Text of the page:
Cracked Designs on etsy.com has a number of quirky announcement cards. I love the Russian nesting dolls. The mother doll flips up to reveal a baby inside. Designs include a tandem bike followed by a trike, and a retro “bun in the oven” card.
From thebump.com: “When my parents came to visit, we had ice cream. My husband asked if I wanted my favourite topping and pulled out a jar of pickles... That said it all.”
Morphthing.com allows you to morph two faces together. Morph baby photos of you and your partner, then show off the resulting hybrid with the question, “I wonder if our baby will look like this?” (Morphing photos of your grown-up selves may also be fun, but it’s more disturbing.)
In general, it’s a good idea to let the co-baby-maker know before anyone else. After that, things can get political. If you have an engagement under your belt, you should have a pretty good idea which of your friends and relatives get offended if they’re told after someone else, by someone else or on Facebook.
When telling is hard
Unsupportive family and friends can suck the joy out of a new pregnancy. In an ideal world, no one would respond to the news of a pregnancy with “Again?” or “Well, don’t gain as much weight this time”, both of which happened to friends of mine. (I got a muttered, “Master of the bleeding obvious” and an “I thought so, your skin’s been a bit...”, neither of which filled me with bliss.)
This being a non-ideal world, it can be easier to inform naysayers via an email written in a firmly enthusiastic tone. I know women who even added, “Positive responses only please!”
Some women deploy their partners or, better yet, small children to tell the news. Others wait as long as possible or hope that the grapevine will do the job for them. Sometimes there’s no easy answer!
If nobody around you is being supportive, join an OHbaby! pregnancy forum — you’ll find plenty of people happy to congratulate you, who’ll give you support and advice about morning sickness without telling you you brought it on yourself.
Many women worry about sharing the news with friends suffering infertility or who have had pregnancy losses. Infertility blogger Mrs Green Grass of the Baby-Making Merry-Go-Round blog says this: “Tell them right away (immediately if it’s your best friend or sister)... right before the public announcement is so much better. It takes the shock away.”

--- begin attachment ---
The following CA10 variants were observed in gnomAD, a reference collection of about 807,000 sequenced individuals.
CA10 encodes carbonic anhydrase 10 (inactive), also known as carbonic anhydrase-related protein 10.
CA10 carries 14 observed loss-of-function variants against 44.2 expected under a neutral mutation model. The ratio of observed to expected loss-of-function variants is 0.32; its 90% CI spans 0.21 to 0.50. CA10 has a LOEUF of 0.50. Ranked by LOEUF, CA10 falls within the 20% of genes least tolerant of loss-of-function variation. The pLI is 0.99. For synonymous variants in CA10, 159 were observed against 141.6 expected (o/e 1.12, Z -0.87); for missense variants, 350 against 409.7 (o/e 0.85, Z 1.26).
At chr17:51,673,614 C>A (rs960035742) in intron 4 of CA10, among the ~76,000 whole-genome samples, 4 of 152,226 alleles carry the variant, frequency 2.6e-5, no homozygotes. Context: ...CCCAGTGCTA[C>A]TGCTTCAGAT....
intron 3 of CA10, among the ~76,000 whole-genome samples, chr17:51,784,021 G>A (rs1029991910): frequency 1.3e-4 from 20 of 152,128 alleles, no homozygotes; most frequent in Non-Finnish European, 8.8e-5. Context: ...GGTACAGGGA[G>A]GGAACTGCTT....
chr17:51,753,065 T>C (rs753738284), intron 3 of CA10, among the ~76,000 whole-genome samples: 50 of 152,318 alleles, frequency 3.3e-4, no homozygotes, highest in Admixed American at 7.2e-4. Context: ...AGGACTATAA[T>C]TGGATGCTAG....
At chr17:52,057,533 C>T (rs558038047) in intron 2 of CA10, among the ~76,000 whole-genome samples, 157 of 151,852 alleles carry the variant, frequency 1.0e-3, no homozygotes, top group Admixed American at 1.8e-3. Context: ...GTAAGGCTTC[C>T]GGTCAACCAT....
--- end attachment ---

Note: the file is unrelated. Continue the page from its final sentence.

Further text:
Infertile women say they appreciate being told via email or a letter, to give them space to process their conflicting emotions without the pressure to immediately look joyful and congratulatory.
Third-trimester pregnancy photography is an institution now, from the wholesome family-in-the-park shots with crisp white shirts and kids kissing Mum’s belly to the naked swathed-in-drapery shoots that celebrate your inner goddess (in black and white to mask stretch marks).
Announcement photography is a newer trend. It happens early, pre-bump, when Mum still has something decent to wear. If Pinterest is an accurate barometer of these things, announcement shoots tend to be kitschy — lots of kissing, holding up chalkboards and, for some reason, wearing cowboy boots. Common props include “Bump Ahead” and “Under Construction” road signs or writing chalked on walls (“Mum + Dad equals 3”).
Only on the worldwide web, huh?
Filmed pregnancy “reveals” are huge on YouTube. Quite a few hilariously show grandparents puzzling over the meaning of the onesie or “I Love Grandma” bib.
Covert filming can give you a priceless memory, but beware. One mum’s announcement backfired when her kids burst into horrified wails when they learned of their new sibling. (Then again, it got 600,000 views. Silver lining.)
For your classic screaming grandmas and confused fathers-to-be, search “Pregnancy Reveal” in YouTube, but turn down the volume — what excited family members lack in code-deciphering skills they make up for in decibels.
Merrypad.com blogger Emily Fazio’s picture paints 1000 words.
Sarah Tennant lives outside Hamilton in an apple orchard and has two children, Rowan, aged five, and Miles, aged two. This would be an excellent opportunity to make a pregnancy announcement but, alas, she is not expecting.
Photography: Kenny Stuart (and thanks to his son (Big Brother) Micah, merrypad.com